Phys .org: Fake news ‘vaccine’: Online game may ‘inoculate’ by simulating propaganda tactics . “A new online game puts players in the shoes of an aspiring propagandist to give the public a taste of the techniques and motivations behind the spread of disinformation—potentially ‘inoculating’ them against the influence of so-called fake news in the process.”
TechCrunch: Fake news is an existential crisis for social media . “The claim and counter claim that spread out around ‘fake news’ like an amorphous cloud of meta-fakery, as reams of additional ‘information’ — some of it equally polarizing but a lot of it more subtle in its attempts to mislead (for e.g., the publicly unseen ‘on background’ info routinely sent to reporters to try to invisible shape coverage in a tech firm’s favor) — are applied in equal and opposite directions in the interests of obfuscation; using speech and/or misinformation as a form of censorship to fog the lens of public opinion. This bottomless follow-up fodder generates yet more FUD in the fake news debate. Which is ironic, as well as boring, of course. But it’s also clearly deliberate.” One of those articles that deserves a better headline than it gets. A deep dive with lots of links to other news articles and background. Very good stuff.
Wired: Inside The Two Years That Shook Facebook—and The World. “[Benjamin] Fearnow, a recent graduate of the Columbia Journalism School, worked in Facebook’s New York office on something called Trending Topics, a feed of popular news subjects that popped up when people opened Facebook. The feed was generated by an algorithm but moderated by a team of about 25 people with backgrounds in journalism. If the word ‘Trump’ was trending, as it often was, they used their news judgment to identify which bit of news about the candidate was most important. If The Onion or a hoax site published a spoof that went viral, they had to keep that out. If something like a mass shooting happened, and Facebook’s algorithm was slow to pick up on it, they would inject a story about it into the feed.”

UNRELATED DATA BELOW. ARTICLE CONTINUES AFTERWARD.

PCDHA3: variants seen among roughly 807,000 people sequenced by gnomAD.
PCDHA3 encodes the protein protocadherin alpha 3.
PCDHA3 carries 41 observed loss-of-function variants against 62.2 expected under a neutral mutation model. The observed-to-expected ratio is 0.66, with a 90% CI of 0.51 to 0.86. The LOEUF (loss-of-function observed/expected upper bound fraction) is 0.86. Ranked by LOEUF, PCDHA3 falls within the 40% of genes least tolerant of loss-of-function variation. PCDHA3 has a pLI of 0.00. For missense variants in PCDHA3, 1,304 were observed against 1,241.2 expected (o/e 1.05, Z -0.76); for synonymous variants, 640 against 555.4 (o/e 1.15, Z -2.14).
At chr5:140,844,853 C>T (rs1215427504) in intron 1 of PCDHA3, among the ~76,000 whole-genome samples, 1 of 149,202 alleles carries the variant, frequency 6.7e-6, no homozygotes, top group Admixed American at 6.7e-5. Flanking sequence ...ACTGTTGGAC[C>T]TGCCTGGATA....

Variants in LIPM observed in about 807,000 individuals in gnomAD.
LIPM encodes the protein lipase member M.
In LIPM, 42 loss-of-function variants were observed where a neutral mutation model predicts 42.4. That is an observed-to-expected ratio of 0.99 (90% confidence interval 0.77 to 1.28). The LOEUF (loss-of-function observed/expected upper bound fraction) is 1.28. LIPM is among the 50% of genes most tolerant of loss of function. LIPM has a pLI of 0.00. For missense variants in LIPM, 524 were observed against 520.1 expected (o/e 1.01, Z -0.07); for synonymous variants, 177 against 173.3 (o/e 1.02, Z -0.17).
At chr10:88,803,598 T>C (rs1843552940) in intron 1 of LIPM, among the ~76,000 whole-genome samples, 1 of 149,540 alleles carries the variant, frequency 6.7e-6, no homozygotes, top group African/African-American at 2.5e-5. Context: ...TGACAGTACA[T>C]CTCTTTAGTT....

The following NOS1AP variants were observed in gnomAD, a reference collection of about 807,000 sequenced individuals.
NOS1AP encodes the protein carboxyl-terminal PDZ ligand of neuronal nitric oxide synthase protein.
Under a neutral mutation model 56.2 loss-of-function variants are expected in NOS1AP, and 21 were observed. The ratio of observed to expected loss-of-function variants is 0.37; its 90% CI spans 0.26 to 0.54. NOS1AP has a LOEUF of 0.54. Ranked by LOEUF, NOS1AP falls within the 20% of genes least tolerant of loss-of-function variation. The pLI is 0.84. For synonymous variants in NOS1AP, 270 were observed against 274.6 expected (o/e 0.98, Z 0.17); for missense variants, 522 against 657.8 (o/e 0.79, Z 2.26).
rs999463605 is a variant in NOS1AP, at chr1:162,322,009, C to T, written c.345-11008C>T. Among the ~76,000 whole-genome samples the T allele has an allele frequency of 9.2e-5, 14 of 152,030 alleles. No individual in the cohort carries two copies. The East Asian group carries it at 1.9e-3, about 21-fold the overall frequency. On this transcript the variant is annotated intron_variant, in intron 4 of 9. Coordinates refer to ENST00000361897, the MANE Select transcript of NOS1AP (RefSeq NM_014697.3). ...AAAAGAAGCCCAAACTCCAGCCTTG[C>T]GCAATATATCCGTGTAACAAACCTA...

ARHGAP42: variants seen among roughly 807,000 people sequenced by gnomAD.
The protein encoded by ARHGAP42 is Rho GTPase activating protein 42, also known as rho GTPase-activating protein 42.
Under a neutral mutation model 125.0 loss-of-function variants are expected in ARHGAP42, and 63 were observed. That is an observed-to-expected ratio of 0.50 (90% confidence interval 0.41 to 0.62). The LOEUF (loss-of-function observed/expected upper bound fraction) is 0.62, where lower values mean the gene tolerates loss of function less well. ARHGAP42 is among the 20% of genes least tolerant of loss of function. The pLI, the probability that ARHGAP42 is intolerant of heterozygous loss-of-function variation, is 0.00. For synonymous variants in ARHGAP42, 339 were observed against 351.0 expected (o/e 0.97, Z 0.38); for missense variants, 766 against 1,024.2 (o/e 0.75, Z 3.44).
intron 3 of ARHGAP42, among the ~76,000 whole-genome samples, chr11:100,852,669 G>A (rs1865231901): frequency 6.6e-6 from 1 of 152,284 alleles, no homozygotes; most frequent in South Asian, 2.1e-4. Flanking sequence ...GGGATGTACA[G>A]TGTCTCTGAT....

Quartz: Facebook “likes” are a powerful tool for authoritarian rulers, court petition says. “A Cambodian opposition leader has filed a petition in a California court against Facebook, demanding the company disclose its transactions with his country’s authoritarian prime minister, whom he accuses of falsely inflating his popularity through purchased ‘likes’ and spreading fake news.”
TechCrunch: The real consequences of fake porn and news. “For a democratic society in which the presumption of truth is generally the default response to most content, we will quite soon live in a world where everything must be considered fake without evidence to the contrary. It’s as if we suddenly moved to an authoritarian country and needed to constantly dismiss the propaganda we see every day. When it comes to policy problems facing startups, tech companies, political parties and governments together, this challenge is about as thorny as they come.”
The Guardian: Brazil’s biggest newspaper pulls content from Facebook after algorithm change. “Brazil’s biggest newspaper, the Folha de S Paulo, has announced that it will no longer publish content on its Facebook page, accusing the social media giant of encouraging fake news with an overhaul of its news feed algorithm.”
Mercury News: Trump supporters share the most fake news: study. “The people who share the most fake news tend to lean right politically — and many of them support President Trump, a new study has found. University of Oxford researchers looked at who shared what on Facebook and Twitter in the three months before President Trump’s State of the Union address and found that Trump supporters shared the most misleading information more than the other groups in the study.” The article did not mention if the researchers made sure that the 14K+ Twitter users they studied were real as opposed to astroturfing bots.